Public art in Boston got a boost last week when the mayor’s office announced the nine winners of the city’s first Public Space Invitational. The contest drew 72 entries in three categories: the streetscape, City Hall, and random awesome design (or RAD, for “ideas that defy classification or location”).
What was most cheering — aside from the shot in the arm for Boston’s often moribund public art scene — was the sheer variety of objects and ideas presented. The winners include “Seat Light Control,” which reimagines vertical street light control boxes as attractive public benches; “Portable Reading Room,” which would create a library setting on the Rose Kennedy Greenway; the “Tidraphone,” an interactive tidal vibraphone on the waterfront; “Rhodes,” a life-size live-stream video connecting Boston with another city; and two installations that promise to enliven the gray interior of City Hall, including a 51-foot ceiling sky mural in the building’s lobby. The contest required that all projects fall within a $1,000 to $4,000 construction budget and be implementable within six months.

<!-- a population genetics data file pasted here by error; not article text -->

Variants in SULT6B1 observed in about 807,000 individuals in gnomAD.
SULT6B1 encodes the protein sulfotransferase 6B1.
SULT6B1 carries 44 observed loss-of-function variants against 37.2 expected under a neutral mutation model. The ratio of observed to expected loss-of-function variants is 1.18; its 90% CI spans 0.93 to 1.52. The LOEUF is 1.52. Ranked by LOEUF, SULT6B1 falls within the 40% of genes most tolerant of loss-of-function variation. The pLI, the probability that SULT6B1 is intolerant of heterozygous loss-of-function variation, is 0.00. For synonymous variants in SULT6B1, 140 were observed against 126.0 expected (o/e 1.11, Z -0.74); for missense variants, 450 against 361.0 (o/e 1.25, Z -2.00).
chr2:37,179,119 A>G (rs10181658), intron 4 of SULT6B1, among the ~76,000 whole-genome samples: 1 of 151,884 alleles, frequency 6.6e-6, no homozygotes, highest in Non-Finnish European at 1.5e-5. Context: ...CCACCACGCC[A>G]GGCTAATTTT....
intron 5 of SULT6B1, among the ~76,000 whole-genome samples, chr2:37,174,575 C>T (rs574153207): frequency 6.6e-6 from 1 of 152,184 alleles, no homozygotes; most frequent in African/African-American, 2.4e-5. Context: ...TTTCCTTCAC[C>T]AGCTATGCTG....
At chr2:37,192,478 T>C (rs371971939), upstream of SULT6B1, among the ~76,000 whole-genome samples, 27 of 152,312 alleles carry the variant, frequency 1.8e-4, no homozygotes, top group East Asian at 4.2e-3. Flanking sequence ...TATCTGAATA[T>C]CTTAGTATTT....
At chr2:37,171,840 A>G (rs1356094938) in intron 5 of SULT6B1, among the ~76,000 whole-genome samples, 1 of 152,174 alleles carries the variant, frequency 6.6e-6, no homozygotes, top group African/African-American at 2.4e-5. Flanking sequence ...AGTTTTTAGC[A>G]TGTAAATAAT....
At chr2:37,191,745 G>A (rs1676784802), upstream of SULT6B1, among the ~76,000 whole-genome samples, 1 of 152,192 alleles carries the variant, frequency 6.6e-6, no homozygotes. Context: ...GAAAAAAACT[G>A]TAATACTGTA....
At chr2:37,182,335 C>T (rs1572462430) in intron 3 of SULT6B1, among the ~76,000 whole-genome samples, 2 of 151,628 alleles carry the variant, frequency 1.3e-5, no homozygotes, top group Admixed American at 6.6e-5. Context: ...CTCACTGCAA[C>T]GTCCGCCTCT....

The affordability and efficiency of the projects are key. The Public Space Invitational may or may not produce any artistic masterpieces, but with it the Walsh administration has sent a message to the community of artists, designers, and engineers that Boston is a place where creative ideas about our common spaces will be nurtured and rewarded.